Engine: The 550 has a slightly longer stroke that the 520. This means that the piston travels slightly farther during one revolution of the crankshaft. Although the 550 piston and rod are different aesthetically than the 520, they are of the same dimensions. The crankshaft in the 550 is where the difference is found that creates the longer stroke. The longer stroke translates into 30 more cubic inches of fuel/air mixture being compressed into the cylinders for each two turns of the crankshaft. This allows the engine to breathe better when less air is available (at high altitude, for example, Read this article for greater discussion). So the 550 will maintain climb power slightly better at the upper altitudes, and this is a benefit…although a small benefit only.
During takeoff with either the 520 or the 550, the pilot advances the throttle to max FORWARD position and achieves 38” MP (if properly set/maintained) for the 520 and 35”MP for the 550. Both achieve nearly the same amount of power at those settings, but the 550 will generate slightly more torque due to the longer stroke. And, the longer stroke will provide one more benefit…a slightly better climb rate.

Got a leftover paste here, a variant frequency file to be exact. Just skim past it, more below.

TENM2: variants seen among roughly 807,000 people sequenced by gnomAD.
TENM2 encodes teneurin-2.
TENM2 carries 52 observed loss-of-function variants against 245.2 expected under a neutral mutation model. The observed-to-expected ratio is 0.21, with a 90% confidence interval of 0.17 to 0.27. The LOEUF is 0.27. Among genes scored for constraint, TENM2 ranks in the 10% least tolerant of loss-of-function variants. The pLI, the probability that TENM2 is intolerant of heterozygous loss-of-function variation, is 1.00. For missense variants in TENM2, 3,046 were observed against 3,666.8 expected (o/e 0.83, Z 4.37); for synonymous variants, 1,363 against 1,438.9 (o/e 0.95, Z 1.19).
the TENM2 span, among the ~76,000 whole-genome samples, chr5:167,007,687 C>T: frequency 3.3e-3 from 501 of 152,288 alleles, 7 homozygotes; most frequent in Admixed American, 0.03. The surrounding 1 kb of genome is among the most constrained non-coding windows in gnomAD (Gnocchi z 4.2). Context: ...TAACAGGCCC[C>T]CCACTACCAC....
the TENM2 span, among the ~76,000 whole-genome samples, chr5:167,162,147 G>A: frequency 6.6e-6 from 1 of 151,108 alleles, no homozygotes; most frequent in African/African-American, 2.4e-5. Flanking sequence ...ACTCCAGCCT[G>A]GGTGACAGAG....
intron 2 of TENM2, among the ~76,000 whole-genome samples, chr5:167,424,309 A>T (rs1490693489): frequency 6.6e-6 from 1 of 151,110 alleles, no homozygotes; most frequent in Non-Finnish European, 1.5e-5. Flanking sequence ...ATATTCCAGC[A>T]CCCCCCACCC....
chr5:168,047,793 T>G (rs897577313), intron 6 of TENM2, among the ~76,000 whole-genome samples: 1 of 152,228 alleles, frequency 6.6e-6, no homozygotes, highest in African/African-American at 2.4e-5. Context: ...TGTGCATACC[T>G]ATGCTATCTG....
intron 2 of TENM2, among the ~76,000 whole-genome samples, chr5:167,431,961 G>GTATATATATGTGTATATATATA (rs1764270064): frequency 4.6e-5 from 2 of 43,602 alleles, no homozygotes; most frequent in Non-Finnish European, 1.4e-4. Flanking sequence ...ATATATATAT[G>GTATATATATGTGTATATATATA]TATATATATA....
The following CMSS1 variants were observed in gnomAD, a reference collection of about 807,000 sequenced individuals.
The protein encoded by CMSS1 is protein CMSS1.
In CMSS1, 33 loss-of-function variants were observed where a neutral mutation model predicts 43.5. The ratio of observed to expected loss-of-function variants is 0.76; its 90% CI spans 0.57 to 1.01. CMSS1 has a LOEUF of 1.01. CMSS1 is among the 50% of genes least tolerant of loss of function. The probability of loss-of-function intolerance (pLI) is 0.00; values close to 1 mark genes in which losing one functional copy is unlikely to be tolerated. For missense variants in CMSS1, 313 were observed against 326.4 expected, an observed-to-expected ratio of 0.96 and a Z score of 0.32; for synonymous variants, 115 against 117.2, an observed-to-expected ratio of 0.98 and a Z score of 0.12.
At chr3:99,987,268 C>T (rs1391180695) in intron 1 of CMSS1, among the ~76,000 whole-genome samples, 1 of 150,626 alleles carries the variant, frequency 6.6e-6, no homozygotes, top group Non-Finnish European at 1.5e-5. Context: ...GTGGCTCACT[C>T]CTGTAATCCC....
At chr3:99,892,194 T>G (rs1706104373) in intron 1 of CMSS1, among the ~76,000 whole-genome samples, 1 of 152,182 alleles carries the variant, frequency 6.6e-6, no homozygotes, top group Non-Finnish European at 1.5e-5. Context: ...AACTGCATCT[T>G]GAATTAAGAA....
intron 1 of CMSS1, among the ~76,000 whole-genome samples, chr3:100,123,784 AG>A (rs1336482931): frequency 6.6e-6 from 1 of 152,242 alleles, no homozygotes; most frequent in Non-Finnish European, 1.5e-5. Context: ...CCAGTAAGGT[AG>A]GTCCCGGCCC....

Any bicyclers out there? I love to ride my road bike for a workout, and think there’s a good analogy when comparing the two. The distance between the bike pedal shaft and the crankshaft on a bike (pedal arm) is no mere coincidence. For professional bikers, they will use different bike configurations for different races, and they will use bikes with longer pedal arms on races where climbs are important (think Tour deFrance time trials). The longer pedal arm translates into more torque being applied, and helps the biker climb slightly better. It won’t do much for the top-end speeds for a biker, but it will help in the climb when torque is needed. Don’t believe me? Ride a nice road bike for 10+ miles and then jump on a Huffy for another 10 miles. Huffy’s always have a shorter pedal arm, and the shorter arm is very noticeable. Seconds count in bike races, and additional feet-per-minute climb rates count with airplanes. So the 550 engine will produce better torque at lower airspeeds in the climb. When the speeds are low and the power fully applied (every takeoff and climb), the 550 engine will create slightly more power and, as every pilot has been taught, excess power available translates directly into additional rate of climb.